I hope it since 2012 actually.
Read your post about auxiliary heater and I just don’t understand why this is still not an option offered in the cold climate.
Much better burn a couple liter of combustible, that could be reclaim biofuel, than to stay stranded in lethal cold.
Let say you’re stuck in a snowstorm for a couple hour and you drain your battery with people on board that aren’t polar bear club fan.

Let’s say you get stuck in the snow with half the battery left. In an emergency you aren’t going to blast the heat while waiting for help but will use the seat heaters and keep the cabin temperature as low as possible while still being somewhat comfortable. Doing this will keep you warm at no more than a 3 kW rate.

So with 35 kWh left at a 3 kW rate you will deplete the battery after 11 or 12 hours. You could likely double that time just using the seat heaters only. You have a real problem if you haven’t been found after 12-24 hours whether in a gas car or an EV. I would say though if you live in the Yukon then maybe a Model S or 3 isn’t for you. However, driving on the hundreds of thousands of miles of well traveled interstates in the winter you will be fine. Also mobile phones and growing cell coverage have shrunk the areas where being stranded in the snow becomes fatal.

Another Euro point of view

I would rather see the range issue. Do not forget that for many of us (at least in Europe where still about 40% of cars are diesel) we come from cars which have 500 miles real autonomy so of course we do not need that plentiful but still half of that (250 miles) in all conditions is a must have, so losing out of that reduced range because of cabin heating is problematic, mainly it is so unnecessary- Ethanol when burned is 100% efficient as regards heating, a few litters (3, 5 ?) will go a long way and will not cause any environmental damage as compared to our footprint anyway. Actually I would not be t all surprised that using a few liters of ethanol in a whole winter to heat your car cabin is more environment friendly than to create the need of a big battery that will still create a bit of an environmental mess to manufacture then the big heavy car which needs to be built around it and the electricity used that probably is like 60% of the electricity which needed to be produced in the first place before it gets to your car battery.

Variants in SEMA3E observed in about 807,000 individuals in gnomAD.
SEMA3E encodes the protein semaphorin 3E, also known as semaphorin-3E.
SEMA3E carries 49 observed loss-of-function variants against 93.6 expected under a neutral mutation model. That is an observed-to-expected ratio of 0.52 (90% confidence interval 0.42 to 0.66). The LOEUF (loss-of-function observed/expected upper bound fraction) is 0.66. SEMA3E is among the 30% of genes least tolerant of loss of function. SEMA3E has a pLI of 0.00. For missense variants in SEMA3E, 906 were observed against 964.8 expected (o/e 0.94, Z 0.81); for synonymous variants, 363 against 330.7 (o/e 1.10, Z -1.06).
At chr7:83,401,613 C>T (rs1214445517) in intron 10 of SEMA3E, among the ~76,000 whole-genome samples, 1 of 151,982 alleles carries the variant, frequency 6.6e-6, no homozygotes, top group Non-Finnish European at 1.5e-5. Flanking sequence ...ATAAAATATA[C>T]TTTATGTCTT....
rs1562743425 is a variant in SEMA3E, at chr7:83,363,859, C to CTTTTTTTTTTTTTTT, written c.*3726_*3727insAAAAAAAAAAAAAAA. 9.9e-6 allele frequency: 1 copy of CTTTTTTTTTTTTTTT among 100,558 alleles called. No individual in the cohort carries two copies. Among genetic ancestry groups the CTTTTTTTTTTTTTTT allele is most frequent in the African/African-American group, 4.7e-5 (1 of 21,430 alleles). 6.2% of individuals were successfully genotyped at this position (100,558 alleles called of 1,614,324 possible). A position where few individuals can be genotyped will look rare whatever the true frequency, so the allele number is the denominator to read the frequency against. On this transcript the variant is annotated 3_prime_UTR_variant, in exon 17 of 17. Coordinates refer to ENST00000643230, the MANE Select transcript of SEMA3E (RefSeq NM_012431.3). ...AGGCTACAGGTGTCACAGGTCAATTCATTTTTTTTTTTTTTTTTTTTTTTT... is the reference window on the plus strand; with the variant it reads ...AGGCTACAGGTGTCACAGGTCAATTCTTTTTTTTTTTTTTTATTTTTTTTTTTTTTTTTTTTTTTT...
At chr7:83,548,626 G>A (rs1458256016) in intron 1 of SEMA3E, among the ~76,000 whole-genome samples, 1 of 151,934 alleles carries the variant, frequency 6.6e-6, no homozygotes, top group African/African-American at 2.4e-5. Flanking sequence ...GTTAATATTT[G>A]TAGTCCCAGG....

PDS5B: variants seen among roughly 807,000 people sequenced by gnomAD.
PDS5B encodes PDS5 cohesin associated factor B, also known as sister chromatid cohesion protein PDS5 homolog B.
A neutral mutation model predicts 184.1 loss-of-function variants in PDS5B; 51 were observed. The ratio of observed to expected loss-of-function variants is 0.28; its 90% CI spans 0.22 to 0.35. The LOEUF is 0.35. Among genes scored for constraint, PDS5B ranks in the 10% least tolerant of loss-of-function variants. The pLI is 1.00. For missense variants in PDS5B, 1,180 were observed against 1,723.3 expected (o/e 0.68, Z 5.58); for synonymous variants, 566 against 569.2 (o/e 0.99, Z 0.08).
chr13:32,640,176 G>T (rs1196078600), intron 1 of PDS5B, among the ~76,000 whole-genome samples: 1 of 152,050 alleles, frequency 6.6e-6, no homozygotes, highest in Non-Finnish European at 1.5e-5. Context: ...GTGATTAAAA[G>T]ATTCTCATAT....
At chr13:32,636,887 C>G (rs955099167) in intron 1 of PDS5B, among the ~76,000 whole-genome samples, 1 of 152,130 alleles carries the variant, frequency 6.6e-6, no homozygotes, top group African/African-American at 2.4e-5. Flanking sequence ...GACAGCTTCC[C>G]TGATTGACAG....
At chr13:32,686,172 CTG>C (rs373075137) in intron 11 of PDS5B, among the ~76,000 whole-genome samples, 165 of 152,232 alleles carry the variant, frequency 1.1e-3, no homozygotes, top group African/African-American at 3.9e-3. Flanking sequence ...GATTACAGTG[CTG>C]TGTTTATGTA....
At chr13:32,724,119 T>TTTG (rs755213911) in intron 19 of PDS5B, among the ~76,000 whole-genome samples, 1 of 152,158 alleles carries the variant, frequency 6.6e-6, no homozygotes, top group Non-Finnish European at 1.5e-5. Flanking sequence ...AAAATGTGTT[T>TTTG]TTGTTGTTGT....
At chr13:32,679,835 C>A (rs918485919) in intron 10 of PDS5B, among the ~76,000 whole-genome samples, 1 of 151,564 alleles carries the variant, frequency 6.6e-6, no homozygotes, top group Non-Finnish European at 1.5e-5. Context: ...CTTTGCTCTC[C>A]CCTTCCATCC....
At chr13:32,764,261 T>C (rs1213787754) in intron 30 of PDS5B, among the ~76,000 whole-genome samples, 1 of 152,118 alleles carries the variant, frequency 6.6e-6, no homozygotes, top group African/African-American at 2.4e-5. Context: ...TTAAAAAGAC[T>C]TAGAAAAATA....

In many regions you would burn oil or other fossil fuel in winter one way or another. Peak power in cold winter nights doesn’t come from unicorn PVs – it comes from peaker plants that may convert only about third or less of thermal energy to electricity for your resistance heater.
https://www.eia.gov/todayinenergy/detail.php?id=34632

So you may be burning several times more of oil by insisting of keeping the process out of sight. Better do it locally if you need thermal energy.

More Big Oil propaganda from a fossil fuel shill.
Fossil fuels are and will be replaced by RE and electric cars are already far more efficient then the Dino burners you drive zzzzz.

It’s not just cabin heat. It’s heating the battery as well, which may well have more of a range degradation. There’s also the lack/significantly reduced regen which is likely to affect range as well.

Winter range loss is a reality of all EVs. Here’s my formula on the range you need for your EV. Take your round trip commute say (70 mi) add 25% because you don’t want to charge regularly to 100% or go lower than 10%, add 25% because winter will sap your range, make that one 35% if you live somewhere really cold, add 10% for errands because you might need to go someplace other than your commute, add another 20% because if you plan on keeping the car for the long term, you’ll experience some degradation. So in my case with a 70mi commute, I’d need minimum 130 miles of range just to make my commute without stress for the next few years. This is in Northern CA.